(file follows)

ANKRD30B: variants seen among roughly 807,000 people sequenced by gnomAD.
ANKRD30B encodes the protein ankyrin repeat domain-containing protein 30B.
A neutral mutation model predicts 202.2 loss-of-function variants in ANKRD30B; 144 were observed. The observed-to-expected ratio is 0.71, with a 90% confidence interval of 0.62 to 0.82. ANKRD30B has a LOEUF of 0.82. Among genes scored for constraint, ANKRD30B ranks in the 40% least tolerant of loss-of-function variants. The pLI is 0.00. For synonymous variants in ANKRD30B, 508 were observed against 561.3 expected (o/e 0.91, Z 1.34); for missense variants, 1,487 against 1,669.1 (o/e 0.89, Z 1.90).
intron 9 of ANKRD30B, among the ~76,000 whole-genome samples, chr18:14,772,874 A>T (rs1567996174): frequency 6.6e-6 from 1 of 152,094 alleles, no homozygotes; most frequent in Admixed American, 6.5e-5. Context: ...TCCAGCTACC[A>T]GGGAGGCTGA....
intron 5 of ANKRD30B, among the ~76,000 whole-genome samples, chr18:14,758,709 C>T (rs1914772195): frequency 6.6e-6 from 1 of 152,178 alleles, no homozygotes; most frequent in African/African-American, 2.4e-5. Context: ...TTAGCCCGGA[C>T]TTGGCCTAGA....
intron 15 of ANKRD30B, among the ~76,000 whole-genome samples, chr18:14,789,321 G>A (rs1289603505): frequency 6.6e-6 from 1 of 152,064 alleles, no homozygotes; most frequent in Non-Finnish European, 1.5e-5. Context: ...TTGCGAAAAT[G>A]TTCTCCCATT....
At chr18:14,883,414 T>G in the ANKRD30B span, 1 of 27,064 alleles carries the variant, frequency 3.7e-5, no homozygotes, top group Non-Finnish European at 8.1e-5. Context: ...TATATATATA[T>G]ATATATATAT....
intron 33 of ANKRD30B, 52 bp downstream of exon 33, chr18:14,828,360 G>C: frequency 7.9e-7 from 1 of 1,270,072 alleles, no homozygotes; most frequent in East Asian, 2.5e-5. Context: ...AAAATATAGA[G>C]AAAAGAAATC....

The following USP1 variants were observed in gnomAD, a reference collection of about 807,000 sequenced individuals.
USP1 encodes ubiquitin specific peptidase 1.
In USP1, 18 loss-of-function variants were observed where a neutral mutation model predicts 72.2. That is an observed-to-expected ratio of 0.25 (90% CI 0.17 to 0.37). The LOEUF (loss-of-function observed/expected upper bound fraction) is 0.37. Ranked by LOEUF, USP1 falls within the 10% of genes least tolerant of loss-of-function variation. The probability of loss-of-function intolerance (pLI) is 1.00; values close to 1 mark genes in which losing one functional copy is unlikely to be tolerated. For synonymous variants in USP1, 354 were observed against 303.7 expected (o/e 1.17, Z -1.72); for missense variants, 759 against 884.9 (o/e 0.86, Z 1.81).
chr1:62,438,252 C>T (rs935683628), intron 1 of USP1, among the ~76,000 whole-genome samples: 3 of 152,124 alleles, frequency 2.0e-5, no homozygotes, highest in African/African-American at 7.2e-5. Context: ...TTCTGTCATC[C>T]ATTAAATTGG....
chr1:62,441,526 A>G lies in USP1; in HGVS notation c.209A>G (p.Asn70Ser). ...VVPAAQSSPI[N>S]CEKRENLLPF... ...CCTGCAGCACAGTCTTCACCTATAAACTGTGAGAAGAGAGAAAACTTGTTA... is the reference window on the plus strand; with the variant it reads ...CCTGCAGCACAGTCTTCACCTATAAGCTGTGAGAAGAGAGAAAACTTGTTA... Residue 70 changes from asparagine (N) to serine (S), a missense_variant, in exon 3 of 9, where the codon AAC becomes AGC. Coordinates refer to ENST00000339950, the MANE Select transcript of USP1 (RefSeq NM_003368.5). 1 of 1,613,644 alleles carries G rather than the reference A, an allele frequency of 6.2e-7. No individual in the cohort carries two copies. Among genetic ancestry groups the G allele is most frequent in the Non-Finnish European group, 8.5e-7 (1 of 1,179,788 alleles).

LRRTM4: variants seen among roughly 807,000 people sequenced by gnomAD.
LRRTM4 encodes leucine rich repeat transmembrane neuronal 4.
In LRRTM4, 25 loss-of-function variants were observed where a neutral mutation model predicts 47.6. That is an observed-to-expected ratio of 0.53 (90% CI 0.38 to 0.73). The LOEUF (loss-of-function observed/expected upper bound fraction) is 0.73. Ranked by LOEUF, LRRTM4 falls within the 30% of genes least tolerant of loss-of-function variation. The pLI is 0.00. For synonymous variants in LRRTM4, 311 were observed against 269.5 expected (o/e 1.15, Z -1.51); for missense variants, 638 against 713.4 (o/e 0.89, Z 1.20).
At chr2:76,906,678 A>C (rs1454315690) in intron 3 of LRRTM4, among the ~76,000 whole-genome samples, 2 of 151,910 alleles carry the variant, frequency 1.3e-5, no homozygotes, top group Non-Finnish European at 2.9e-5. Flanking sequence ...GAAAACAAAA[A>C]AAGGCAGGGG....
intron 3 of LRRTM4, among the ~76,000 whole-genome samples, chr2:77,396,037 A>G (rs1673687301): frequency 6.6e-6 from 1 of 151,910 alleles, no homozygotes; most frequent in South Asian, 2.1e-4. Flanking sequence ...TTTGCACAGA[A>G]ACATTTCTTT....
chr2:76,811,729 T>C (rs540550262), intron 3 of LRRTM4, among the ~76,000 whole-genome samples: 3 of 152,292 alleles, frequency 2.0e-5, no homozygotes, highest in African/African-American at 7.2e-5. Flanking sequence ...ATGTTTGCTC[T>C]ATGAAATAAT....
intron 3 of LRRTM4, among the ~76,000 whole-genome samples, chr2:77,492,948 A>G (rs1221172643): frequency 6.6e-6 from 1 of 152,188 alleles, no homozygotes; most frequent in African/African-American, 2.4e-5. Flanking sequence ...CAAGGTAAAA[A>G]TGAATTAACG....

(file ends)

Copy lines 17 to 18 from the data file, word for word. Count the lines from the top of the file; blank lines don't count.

At chr2:76,906,678 A>C (rs1454315690) in intron 3 of LRRTM4, among the ~76,000 whole-genome samples, 2 of 151,910 alleles carry the variant, frequency 1.3e-5, no homozygotes, top group Non-Finnish European at 2.9e-5. Flanking sequence ...GAAAACAAAA[A>C]AAGGCAGGGG....
intron 3 of LRRTM4, among the ~76,000 whole-genome samples, chr2:77,396,037 A>G (rs1673687301): frequency 6.6e-6 from 1 of 151,910 alleles, no homozygotes; most frequent in South Asian, 2.1e-4. Flanking sequence ...TTTGCACAGA[A>G]ACATTTCTTT....